Most New Zealanders think they've seen the back of legal highs (outside the black market), but the fact is they will be back one day... but the politics is fascinating

Matt Bowden has a grand plan. The godfather of legal highs in New Zealand, he's been talking for a few years now about his determination to make this country famous for its safe, regulated and profitable recreational drugs culture.

Last year, ahead of the election and in the face of public outrage, the government changed tack on its legal highs law last year ahead of the election, switching from a genuinely regulated market to a theoretical regulated market, one that pretends it's not a ban but effectively removed all the legal highs from the shelves and creates a system in which it is impossible to get a product approved for sale.

Our psychoactive manufacturers, I'm told, mostly moved offshore to conquer bigger markets where they can still do business by staying one step -- or one molecule -- ahead of the lawmakers. But Bowden persists in his dream that he can build a safe drug empire from here in New Zealand.

He's said before that he's working on a new drug that would pass the government's new "low risk" tests, and today on The Nation revealed he thinks that's just 2-3 years away. He's about to start crowd-funding to raise the estimated $2 million needed to get through New Zealand's new testing regime.

It's a fascinating ambition. Apart from the interview, he's laid it out in writing on his website. He writes:

We have also been working with leading drug developers around the world, and we believe we have a number of molecules which are safe enough that they will not dramatically impact the health of consumers, will not be addictive or dangerous, or produce anti-social behaviours, and we think they will provide a safer substitutes to some current drugs of abuse, but we need to test them properly to be sure.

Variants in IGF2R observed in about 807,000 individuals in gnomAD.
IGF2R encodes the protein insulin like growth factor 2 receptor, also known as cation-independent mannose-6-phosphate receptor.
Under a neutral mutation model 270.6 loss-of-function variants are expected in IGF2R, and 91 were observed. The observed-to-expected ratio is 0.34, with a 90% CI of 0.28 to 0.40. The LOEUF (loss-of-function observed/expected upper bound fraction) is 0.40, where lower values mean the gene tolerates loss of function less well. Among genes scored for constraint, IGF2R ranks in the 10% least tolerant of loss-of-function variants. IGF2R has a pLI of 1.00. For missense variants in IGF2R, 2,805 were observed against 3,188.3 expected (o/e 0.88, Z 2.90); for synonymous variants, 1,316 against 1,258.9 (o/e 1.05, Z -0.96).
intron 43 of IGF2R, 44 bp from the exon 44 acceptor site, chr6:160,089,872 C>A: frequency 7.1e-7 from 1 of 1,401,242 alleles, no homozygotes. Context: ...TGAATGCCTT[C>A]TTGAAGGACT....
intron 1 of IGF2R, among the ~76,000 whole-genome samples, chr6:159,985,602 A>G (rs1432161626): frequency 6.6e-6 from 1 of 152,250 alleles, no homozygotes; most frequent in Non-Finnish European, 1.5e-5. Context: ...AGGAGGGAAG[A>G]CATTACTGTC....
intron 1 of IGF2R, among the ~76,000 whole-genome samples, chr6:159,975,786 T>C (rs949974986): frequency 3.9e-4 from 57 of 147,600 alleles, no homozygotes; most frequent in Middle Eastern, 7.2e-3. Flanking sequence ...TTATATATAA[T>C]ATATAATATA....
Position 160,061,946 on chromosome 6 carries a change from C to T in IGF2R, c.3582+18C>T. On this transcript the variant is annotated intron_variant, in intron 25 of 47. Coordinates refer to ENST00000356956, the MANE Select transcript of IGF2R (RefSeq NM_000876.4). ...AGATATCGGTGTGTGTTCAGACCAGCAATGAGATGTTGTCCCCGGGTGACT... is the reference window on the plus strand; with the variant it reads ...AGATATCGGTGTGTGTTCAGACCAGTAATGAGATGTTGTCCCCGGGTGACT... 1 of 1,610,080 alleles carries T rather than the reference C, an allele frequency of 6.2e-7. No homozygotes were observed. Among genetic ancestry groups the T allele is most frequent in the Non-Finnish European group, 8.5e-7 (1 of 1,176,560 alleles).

If we can get them through safety testing, we will use them to fund us into establishing a network of clinics to help people with alcohol and drug issues. We will limit their distribution to these specialised clinics.

We have already invested substantially in natural technology to interrupt addiction and assist people who are suffering alcohol or other drug issues by restoring balance biologically and providing them the nutritive building blocks their body needs to repair itself. We would like to make this technology available as part of a treatment plan through our clinics, free of charge or heavily subsidised.

We need a bit of help with the testing costs though, so there is an opportunity. You can invest in the safety testing of new drugs, and when they are successful, you get your money back, with a profit.

Plus you know that you contributed to saving lives and building a better future for the next generation.